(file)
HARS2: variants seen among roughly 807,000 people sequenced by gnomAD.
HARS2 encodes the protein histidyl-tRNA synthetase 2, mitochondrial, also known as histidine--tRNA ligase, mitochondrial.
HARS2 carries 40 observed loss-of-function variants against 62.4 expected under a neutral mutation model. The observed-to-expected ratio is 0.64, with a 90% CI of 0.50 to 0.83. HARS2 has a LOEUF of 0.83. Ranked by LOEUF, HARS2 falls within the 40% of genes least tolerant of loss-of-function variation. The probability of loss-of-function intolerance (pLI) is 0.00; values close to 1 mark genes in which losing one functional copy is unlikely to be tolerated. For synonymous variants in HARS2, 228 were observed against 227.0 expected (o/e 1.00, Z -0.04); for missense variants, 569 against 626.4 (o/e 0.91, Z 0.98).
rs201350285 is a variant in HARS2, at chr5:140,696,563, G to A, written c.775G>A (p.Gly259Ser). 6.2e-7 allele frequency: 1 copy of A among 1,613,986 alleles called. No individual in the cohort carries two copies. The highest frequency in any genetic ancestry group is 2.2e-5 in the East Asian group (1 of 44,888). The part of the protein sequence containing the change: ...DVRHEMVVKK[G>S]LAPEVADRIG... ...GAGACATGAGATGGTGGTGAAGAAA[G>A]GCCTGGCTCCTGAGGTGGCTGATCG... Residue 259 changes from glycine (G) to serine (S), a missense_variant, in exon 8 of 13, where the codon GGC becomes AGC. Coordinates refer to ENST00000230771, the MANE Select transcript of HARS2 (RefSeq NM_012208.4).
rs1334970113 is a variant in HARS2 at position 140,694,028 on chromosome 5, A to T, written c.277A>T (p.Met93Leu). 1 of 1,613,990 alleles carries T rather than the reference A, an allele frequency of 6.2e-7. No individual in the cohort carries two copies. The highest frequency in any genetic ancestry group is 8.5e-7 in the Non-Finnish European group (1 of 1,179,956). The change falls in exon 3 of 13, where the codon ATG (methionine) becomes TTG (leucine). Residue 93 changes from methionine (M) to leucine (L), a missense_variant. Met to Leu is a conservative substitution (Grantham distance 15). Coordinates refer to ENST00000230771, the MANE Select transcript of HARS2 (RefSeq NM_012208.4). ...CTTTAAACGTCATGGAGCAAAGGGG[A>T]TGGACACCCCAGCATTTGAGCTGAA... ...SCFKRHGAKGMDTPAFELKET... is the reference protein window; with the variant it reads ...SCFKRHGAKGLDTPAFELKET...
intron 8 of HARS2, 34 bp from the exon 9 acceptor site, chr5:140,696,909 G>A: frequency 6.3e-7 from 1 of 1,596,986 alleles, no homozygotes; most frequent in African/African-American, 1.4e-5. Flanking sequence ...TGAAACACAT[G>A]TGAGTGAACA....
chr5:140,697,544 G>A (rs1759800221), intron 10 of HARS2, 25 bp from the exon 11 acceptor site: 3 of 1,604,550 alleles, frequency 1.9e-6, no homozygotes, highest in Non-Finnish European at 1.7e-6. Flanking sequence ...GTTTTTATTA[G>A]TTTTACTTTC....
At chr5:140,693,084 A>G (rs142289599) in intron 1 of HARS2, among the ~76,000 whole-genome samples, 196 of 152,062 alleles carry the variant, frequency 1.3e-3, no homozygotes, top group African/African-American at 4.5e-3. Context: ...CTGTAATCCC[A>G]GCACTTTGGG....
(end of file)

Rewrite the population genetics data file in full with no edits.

HARS2: variants seen among roughly 807,000 people sequenced by gnomAD.
HARS2 encodes the protein histidyl-tRNA synthetase 2, mitochondrial, also known as histidine--tRNA ligase, mitochondrial.
HARS2 carries 40 observed loss-of-function variants against 62.4 expected under a neutral mutation model. The observed-to-expected ratio is 0.64, with a 90% CI of 0.50 to 0.83. HARS2 has a LOEUF of 0.83. Ranked by LOEUF, HARS2 falls within the 40% of genes least tolerant of loss-of-function variation. The probability of loss-of-function intolerance (pLI) is 0.00; values close to 1 mark genes in which losing one functional copy is unlikely to be tolerated. For synonymous variants in HARS2, 228 were observed against 227.0 expected (o/e 1.00, Z -0.04); for missense variants, 569 against 626.4 (o/e 0.91, Z 0.98).
rs201350285 is a variant in HARS2, at chr5:140,696,563, G to A, written c.775G>A (p.Gly259Ser). 6.2e-7 allele frequency: 1 copy of A among 1,613,986 alleles called. No individual in the cohort carries two copies. The highest frequency in any genetic ancestry group is 2.2e-5 in the East Asian group (1 of 44,888). The part of the protein sequence containing the change: ...DVRHEMVVKK[G>S]LAPEVADRIG... ...GAGACATGAGATGGTGGTGAAGAAA[G>A]GCCTGGCTCCTGAGGTGGCTGATCG... Residue 259 changes from glycine (G) to serine (S), a missense_variant, in exon 8 of 13, where the codon GGC becomes AGC. Coordinates refer to ENST00000230771, the MANE Select transcript of HARS2 (RefSeq NM_012208.4).
rs1334970113 is a variant in HARS2 at position 140,694,028 on chromosome 5, A to T, written c.277A>T (p.Met93Leu). 1 of 1,613,990 alleles carries T rather than the reference A, an allele frequency of 6.2e-7. No individual in the cohort carries two copies. The highest frequency in any genetic ancestry group is 8.5e-7 in the Non-Finnish European group (1 of 1,179,956). The change falls in exon 3 of 13, where the codon ATG (methionine) becomes TTG (leucine). Residue 93 changes from methionine (M) to leucine (L), a missense_variant. Met to Leu is a conservative substitution (Grantham distance 15). Coordinates refer to ENST00000230771, the MANE Select transcript of HARS2 (RefSeq NM_012208.4). ...CTTTAAACGTCATGGAGCAAAGGGG[A>T]TGGACACCCCAGCATTTGAGCTGAA... ...SCFKRHGAKGMDTPAFELKET... is the reference protein window; with the variant it reads ...SCFKRHGAKGLDTPAFELKET...
intron 8 of HARS2, 34 bp from the exon 9 acceptor site, chr5:140,696,909 G>A: frequency 6.3e-7 from 1 of 1,596,986 alleles, no homozygotes; most frequent in African/African-American, 1.4e-5. Flanking sequence ...TGAAACACAT[G>A]TGAGTGAACA....
chr5:140,697,544 G>A (rs1759800221), intron 10 of HARS2, 25 bp from the exon 11 acceptor site: 3 of 1,604,550 alleles, frequency 1.9e-6, no homozygotes, highest in Non-Finnish European at 1.7e-6. Flanking sequence ...GTTTTTATTA[G>A]TTTTACTTTC....
At chr5:140,693,084 A>G (rs142289599) in intron 1 of HARS2, among the ~76,000 whole-genome samples, 196 of 152,062 alleles carry the variant, frequency 1.3e-3, no homozygotes, top group African/African-American at 4.5e-3. Context: ...CTGTAATCCC[A>G]GCACTTTGGG....